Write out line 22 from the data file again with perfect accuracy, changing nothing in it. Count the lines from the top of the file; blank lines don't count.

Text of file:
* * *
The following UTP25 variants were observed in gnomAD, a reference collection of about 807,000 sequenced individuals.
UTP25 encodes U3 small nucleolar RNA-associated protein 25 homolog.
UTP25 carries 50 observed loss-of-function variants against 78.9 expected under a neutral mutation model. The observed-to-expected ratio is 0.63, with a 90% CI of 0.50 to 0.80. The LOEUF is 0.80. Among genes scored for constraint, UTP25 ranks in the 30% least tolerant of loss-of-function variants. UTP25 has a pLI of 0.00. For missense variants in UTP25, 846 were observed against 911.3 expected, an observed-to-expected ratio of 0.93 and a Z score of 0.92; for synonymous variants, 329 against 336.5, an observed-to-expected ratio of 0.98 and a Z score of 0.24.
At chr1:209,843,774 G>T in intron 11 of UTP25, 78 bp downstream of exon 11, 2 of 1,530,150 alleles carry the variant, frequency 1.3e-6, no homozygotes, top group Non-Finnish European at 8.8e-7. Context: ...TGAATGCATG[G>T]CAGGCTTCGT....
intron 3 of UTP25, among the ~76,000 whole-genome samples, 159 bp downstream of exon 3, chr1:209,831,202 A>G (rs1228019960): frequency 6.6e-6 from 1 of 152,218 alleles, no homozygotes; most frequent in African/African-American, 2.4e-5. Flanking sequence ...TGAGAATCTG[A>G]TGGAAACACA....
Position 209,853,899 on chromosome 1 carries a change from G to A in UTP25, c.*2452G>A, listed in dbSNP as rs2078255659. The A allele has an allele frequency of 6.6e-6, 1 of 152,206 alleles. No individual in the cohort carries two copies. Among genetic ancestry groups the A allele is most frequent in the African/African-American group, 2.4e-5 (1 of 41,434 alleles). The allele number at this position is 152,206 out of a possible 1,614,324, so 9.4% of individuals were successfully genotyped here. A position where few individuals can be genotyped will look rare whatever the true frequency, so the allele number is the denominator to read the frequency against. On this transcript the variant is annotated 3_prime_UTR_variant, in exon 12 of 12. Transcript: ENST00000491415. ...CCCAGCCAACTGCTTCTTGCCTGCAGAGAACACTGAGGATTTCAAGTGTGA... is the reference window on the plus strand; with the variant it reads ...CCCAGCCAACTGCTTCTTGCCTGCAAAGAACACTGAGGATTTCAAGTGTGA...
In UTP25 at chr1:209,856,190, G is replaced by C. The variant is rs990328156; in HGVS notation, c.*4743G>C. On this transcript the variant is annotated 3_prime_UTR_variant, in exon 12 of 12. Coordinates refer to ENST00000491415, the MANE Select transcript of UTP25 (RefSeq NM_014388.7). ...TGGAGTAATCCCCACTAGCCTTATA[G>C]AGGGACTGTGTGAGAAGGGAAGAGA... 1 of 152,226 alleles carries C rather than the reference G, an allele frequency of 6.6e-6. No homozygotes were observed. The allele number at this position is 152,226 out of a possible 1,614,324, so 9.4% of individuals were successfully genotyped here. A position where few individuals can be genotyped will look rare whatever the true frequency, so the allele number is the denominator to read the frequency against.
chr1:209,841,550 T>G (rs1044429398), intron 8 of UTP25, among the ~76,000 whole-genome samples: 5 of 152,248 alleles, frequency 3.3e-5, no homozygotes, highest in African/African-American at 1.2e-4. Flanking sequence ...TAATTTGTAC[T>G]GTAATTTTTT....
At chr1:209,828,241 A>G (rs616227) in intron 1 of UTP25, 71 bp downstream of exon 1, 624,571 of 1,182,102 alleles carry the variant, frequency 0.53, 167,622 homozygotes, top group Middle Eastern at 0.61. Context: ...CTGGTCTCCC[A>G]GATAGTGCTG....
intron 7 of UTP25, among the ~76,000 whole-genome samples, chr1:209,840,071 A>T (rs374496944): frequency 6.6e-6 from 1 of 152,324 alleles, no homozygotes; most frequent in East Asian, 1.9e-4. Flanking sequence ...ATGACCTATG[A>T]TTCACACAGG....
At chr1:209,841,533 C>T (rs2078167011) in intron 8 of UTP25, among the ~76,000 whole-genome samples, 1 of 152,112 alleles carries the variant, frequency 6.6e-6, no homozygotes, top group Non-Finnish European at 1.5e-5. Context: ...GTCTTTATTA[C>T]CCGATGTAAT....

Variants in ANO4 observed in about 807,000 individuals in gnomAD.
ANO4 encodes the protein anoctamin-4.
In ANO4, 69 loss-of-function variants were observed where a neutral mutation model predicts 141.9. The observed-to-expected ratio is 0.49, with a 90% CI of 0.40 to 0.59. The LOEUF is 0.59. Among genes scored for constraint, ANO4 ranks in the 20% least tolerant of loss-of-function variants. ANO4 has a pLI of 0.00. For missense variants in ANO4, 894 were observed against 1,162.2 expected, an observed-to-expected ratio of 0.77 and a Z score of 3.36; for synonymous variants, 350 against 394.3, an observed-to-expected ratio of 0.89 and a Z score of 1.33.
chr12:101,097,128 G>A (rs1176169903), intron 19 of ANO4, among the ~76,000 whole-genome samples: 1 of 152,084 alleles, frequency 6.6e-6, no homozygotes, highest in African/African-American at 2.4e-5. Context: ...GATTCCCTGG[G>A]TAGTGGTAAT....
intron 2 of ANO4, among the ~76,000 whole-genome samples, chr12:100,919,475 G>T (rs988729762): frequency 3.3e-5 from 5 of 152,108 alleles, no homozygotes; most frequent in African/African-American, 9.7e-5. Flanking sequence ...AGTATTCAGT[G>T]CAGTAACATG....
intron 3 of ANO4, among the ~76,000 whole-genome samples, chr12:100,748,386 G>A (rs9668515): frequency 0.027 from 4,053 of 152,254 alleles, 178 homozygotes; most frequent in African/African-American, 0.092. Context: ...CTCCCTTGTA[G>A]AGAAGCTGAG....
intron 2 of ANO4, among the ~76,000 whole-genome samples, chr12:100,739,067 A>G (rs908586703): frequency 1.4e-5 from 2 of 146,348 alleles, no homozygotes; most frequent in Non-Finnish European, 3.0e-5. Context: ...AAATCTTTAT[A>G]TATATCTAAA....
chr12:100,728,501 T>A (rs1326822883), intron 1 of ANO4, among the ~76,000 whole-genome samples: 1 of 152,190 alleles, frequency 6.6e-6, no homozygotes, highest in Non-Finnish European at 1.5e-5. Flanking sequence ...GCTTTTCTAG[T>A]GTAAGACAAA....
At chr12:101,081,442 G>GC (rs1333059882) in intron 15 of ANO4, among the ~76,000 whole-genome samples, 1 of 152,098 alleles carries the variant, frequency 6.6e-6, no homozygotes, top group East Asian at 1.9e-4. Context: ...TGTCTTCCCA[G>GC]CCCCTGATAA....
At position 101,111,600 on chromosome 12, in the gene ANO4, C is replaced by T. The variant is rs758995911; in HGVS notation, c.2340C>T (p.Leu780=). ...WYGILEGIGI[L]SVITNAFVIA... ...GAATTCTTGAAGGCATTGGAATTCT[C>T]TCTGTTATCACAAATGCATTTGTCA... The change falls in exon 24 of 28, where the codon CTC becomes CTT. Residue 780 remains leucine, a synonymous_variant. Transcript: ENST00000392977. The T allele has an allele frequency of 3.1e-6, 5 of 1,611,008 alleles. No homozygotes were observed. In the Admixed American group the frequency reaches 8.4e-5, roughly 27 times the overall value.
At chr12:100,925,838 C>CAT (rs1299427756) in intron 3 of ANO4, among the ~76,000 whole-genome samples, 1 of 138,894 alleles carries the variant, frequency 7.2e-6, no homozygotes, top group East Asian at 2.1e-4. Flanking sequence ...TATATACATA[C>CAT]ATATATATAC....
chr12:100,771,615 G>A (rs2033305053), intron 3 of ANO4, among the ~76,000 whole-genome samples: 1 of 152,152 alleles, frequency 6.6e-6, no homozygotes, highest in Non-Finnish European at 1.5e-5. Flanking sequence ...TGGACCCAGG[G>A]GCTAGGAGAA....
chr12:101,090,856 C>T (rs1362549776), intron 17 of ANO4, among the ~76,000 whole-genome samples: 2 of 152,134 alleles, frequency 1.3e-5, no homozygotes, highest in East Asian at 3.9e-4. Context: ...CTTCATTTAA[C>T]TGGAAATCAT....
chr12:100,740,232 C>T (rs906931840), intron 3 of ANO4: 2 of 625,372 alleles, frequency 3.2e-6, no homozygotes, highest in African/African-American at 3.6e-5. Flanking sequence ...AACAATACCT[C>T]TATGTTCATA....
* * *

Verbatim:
At chr12:100,925,838 C>CAT (rs1299427756) in intron 3 of ANO4, among the ~76,000 whole-genome samples, 1 of 138,894 alleles carries the variant, frequency 7.2e-6, no homozygotes, top group East Asian at 2.1e-4. Flanking sequence ...TATATACATA[C>CAT]ATATATATAC....